Arcade Fire explained by the Life Cycle curve

Last night, I noted that something was going on, as a result of – among other things – Arcade Fire being on Saturday Night Live.

Attempting to explain what’s going on allows me the opportunity to bring into this blogular conversation a concept that (much to my student’s dismay) I’m obsessed with.

Basically, I believe that the life cycle of all products can be charted along a normal distribution curve. Perhaps you remember seeing one of these bell-shaped curves in your statistics classes.

I’m over-simplifying this, but I believe it can be constructive to break the product life-cycle down into the following user groups:

  • Mavens
  • Early Adopters
  • Early Majority
  • Majority
  • Late Majority
  • Late Adopters
  • Death

So, looking at the curve, and its respective categories, you can see not only the temporal progress (along the X axis) of the product’s life cycle, but also the related percentage of users for each category (along the Y axis). It works, in essence, like a histogram, where what I’m calling the mavens represent a very small percentage of the market, while the majority represents a vast percentage.

Viewed this way you could, for instance, chart the path of a band.

Consider Arcade Fire. They started with only mavens knowing about them (I’m using the term “Maven” as defined by Malcolm Gladwell in The Tipping Point). This could be people in the band’s hometown who began building a buzz; through blogs, word of mouth, whatever.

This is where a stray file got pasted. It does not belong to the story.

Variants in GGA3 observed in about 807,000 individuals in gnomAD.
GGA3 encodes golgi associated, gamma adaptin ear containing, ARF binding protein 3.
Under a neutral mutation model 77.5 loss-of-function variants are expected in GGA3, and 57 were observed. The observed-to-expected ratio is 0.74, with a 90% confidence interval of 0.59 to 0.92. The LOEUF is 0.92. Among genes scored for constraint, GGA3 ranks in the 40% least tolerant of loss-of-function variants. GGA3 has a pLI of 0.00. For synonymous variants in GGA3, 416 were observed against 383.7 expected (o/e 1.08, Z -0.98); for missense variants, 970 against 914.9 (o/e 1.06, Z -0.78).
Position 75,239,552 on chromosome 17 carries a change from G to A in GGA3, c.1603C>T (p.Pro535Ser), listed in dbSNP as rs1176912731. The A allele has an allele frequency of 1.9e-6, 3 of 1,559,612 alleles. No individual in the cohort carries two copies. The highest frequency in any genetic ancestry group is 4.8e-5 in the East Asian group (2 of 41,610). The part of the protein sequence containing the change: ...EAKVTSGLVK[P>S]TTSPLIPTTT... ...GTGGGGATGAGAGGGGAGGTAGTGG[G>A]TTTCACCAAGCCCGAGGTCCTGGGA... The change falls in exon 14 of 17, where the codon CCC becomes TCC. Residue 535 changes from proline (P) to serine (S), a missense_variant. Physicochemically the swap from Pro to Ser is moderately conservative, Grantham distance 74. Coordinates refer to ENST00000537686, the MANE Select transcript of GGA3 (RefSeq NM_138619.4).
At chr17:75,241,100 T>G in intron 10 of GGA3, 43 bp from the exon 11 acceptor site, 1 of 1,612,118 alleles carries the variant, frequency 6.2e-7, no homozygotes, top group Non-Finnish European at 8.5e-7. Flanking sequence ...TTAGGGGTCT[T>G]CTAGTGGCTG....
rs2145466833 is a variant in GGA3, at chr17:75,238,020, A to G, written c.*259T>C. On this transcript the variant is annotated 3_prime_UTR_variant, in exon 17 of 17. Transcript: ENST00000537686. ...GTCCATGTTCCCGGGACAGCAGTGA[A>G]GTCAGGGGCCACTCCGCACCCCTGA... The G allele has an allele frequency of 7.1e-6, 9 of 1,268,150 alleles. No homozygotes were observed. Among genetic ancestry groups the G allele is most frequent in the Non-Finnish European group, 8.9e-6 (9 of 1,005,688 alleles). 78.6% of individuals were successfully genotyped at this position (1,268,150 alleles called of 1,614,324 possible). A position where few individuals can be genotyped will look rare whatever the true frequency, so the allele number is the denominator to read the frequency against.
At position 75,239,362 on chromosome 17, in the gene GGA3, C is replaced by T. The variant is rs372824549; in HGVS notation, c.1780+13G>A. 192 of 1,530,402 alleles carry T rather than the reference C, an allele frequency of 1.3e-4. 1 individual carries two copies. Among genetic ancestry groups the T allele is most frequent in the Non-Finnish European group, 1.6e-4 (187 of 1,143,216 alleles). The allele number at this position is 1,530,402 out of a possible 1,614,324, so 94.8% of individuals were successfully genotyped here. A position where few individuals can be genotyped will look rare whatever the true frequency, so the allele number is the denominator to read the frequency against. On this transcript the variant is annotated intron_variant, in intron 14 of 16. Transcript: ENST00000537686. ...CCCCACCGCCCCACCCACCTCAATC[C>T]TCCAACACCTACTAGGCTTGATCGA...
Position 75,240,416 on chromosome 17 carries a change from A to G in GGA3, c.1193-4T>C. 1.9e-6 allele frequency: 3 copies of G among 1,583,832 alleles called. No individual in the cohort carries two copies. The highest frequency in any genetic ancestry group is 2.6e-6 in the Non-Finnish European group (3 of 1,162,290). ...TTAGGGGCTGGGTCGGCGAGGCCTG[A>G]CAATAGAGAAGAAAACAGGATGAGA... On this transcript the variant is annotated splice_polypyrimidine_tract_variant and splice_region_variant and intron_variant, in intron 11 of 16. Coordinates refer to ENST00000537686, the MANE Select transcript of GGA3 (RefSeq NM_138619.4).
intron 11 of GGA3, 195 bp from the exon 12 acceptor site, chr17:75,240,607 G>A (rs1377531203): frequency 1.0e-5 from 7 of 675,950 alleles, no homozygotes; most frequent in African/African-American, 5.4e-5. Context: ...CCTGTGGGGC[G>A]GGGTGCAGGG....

Once enough of these people did this, and in combination with the band’s talent and drive, you start getting some early adopters, such as, Pitchfork, who gave the band a 9.7 review back in September of 2004.

Now, a lot of products/bands/ideas/start-ups, etc., get caught at this stage. While Pitchfork doesn’t give out 9.7 reviews very often, they do give out good reviews to bands that never achieve anywhere near the level of success Arcade Fire has achieved.

The jump from the early adaptors to the early majority, in other words, is a very difficult one to make, and very few do. This is what I refer to as the “adoption chasm.” If you can jump this chasm, and find your way into the early majority, you have achieved something significant, because you will have gone from basically a “cult” item (be it a band, a web app, a product, whatever), to something that is really being embraced by a large number of people.

Again, look at the relative sizes of the segment for early adopters, versus the segment for early majority. It’s a big difference, and basically – for an artist – means the difference between their art being able to support them or not.

What causes a product to make this jump is the subject of countless books…though few (if any) identify the jump being from between early adopters to early majority.

So, returning to Arcade Fire, the Pitchfork review built upon and fed other early adopters until the momentum pushed it across the chasm. Perhaps this moment could be defined when “Funeral” was reviewed in Rolling Stone, which occurred in December of 2004.

At this point, the momentum is really building, and you start to get the “halo effect” of those early majority members intersecting with the majority.

Think of the halo effect this way. You go to a cocktail party; there is likely one person who is maybe a little “edgier” than the rest of the people. This person commandeers the stereo, and turns off Norah Jones (who, by the way, is a very interesting chart on the product life-cycle curve), and puts on Arcade Fire. Now, all those non-edgy people at the cocktail party who had never heard of Arcade Fire, but have “edgy” friends who represent the early majority who are in love with the band, are exposed. In essence, the halo effect means that a single person’s enthusiasm can begin to spread like a halo and impact on those in their immediate vicinity.